As a result of this, a reduction on the shareholders equity amounting to $1. 2 billion. Subsequently three weeks later, the investor was in for another shock. It was announced that the accounting errors in Enron’s company statements from 1997 through 2001 and due to these errors a restatement of financial statements. This resulted to a decrease in Enron’s net profit of $96-1997,$113-1998. $250-1999, $million-2000 respectively (GAO, 2002). This consolidation had increased Enron’s debt y a total of $multimillion for the restated period.

According to (Wilson ; Campbell, 2003), These are the reasons that lead to dramatic hanged in Enron’s position and investors perception. From a most promising US firm, Enron faced the biggest collapse in the US history. And this was reflected by the stock price which fell form $80 to $1 . On December 2nd, 2001 Enron was filed for bankruptcy by the Security and Exchange Commission (SEC). All the major research on the case of Enron focused on the role of its auditors and their financial appraisal of the company or other corporate governance issues; ( Baker, 2003), (Vincent, 20020, and (Angler, 2008).

Hence, the role of auditors had been considered to have led the fall of Enron. CHAPTER 3 3. ENRON’S FAILURE 3. Arthur Andersen – The Public Accountants (Lee, 2002) Financial scandals have long been one of the main reasons of change in company law. Enron’s financial scandal of 2001-2002 had shocked the nation due to its scale and denials of the senior managers of any knowledge of the deceptions and wrongdoing. Enron hired Arthur Andersen as its auditor and consultant and had housed many of its members of its audit team in Enron building itself.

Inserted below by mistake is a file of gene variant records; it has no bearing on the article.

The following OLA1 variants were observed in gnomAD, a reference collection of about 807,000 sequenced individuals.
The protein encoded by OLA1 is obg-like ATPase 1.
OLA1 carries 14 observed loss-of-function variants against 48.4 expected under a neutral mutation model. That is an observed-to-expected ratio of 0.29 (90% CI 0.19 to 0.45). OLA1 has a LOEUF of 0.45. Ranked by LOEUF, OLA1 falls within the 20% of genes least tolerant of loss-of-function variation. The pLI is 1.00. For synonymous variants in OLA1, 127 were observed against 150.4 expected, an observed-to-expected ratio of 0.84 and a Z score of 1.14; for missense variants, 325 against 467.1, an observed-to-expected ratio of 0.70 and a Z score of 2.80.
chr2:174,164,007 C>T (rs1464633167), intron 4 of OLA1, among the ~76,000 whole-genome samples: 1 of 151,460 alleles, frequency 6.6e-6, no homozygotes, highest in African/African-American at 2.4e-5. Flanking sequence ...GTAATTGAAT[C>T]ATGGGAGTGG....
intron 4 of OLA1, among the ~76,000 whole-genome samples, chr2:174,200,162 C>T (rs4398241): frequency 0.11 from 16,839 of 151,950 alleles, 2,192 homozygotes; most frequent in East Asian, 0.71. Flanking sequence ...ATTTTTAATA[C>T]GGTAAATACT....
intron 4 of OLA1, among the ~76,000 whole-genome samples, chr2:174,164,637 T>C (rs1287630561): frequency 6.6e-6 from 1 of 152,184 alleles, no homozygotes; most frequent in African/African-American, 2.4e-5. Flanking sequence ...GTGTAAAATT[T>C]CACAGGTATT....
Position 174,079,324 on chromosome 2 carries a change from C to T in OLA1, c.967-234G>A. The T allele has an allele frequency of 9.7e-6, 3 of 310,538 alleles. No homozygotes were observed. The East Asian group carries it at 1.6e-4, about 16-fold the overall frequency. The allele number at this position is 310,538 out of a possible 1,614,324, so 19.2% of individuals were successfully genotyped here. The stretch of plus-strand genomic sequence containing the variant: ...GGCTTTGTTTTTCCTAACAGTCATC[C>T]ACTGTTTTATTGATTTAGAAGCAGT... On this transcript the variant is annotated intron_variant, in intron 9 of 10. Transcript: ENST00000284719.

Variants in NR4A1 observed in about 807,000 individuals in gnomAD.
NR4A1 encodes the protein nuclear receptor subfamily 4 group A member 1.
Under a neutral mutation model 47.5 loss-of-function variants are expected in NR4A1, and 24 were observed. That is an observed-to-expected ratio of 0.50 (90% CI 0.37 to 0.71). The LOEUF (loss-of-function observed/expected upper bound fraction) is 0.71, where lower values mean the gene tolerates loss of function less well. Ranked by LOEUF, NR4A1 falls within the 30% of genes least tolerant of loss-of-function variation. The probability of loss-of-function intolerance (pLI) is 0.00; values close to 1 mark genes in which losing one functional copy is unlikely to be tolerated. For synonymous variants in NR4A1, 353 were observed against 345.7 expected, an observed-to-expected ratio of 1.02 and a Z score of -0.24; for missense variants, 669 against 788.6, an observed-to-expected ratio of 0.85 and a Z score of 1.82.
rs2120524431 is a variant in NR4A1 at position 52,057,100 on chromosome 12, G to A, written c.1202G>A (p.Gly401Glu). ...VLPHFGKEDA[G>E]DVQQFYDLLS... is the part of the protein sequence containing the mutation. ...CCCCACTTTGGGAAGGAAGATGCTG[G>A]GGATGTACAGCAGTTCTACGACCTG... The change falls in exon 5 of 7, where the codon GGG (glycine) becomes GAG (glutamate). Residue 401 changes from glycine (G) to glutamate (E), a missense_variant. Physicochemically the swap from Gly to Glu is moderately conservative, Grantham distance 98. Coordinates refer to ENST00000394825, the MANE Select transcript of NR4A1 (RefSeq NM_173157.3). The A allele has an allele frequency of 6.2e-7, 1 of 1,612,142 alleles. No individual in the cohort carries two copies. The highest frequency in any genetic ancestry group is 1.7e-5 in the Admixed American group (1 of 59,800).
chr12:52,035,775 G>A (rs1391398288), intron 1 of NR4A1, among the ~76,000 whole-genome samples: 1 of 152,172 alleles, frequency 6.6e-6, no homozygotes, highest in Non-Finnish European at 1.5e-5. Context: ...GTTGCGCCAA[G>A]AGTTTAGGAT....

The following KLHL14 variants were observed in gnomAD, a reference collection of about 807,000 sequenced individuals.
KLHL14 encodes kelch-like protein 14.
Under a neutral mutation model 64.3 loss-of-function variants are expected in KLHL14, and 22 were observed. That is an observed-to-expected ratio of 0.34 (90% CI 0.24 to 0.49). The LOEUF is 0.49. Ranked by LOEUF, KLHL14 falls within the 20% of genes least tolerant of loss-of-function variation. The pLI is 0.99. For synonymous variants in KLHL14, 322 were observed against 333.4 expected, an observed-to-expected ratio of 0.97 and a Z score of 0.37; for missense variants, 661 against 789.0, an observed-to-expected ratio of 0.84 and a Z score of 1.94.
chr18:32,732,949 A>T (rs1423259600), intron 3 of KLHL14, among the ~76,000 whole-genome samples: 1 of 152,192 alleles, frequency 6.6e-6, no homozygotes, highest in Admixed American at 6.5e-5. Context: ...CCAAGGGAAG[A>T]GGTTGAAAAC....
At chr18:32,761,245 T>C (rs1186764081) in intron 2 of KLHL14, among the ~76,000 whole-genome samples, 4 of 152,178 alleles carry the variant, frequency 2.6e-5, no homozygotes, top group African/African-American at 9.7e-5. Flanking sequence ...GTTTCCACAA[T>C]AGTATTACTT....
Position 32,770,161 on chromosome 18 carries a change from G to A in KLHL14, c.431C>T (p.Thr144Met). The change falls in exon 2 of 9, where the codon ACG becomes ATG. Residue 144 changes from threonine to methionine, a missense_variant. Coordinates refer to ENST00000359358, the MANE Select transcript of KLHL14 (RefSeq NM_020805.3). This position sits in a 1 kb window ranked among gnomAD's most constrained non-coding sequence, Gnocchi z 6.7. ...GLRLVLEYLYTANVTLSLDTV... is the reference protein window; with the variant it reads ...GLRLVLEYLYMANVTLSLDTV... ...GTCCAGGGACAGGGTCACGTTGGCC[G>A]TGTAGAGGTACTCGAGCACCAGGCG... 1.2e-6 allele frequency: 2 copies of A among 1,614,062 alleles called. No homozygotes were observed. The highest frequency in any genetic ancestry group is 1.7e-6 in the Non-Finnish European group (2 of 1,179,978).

Being on the audit team was the most prestigious audit assignments for a staff member at Andersen (Dugan and Spurge’s, 2002). Undoubtedly, Andersen’s long and close association with Enron had created a nod between the staff and executives of the two firms. (Brown and Well, 2002) Investigations had revealed that the Andersen did not fulfill its professional auditing responsibilities and failed in its obligation to bring concerns about Enron’s’ internal control and related-party transactions to the attention of Enron’s Board or its Audit and Compliance Committee (Powers, 2002, p. 5) Another classic example of financial scandal is the Dell Accounting Scandal in the 2007. Donald Carry, CEO acknowledged that some executives were fired as a result of accounting improprieties found during an investigation of the company Available at: www. Corn. Com. 2007). The investigation found that sometime business unit personnel did not provide complete information to corporate head quarters and in many cases, incorrect information about these activities were provided to internal and external auditors. 3. The Enron Culture Enron’s corporate culture developed inside its office during the heady days of its success and has revealed many signs of how things could go wrong. In general, the top management developed arrogance due to its success, the tone was set at the top and it percolated to the lower level and finally became a culture of the reparation. Enron’s top management, Kenneth Lay and it associates gave its executives freedom to pursue the corporate goal and left them to be and was only questioned when goals were not met. Powers, 2002, p. 10) “These controls were not rigorous enough, implementation and oversight was inadequate at Management and Board levels, as no one took responsibility for oversight; controls were not execute properly and structural defects became apparent over time. No one in Management addressed issues as it arose or brought it to the Board’s attention” Shilling instituted the performance review committee (PRE) which known as the harshest employee ranking system as associates had to “do deals” and post earnings to be ranked high.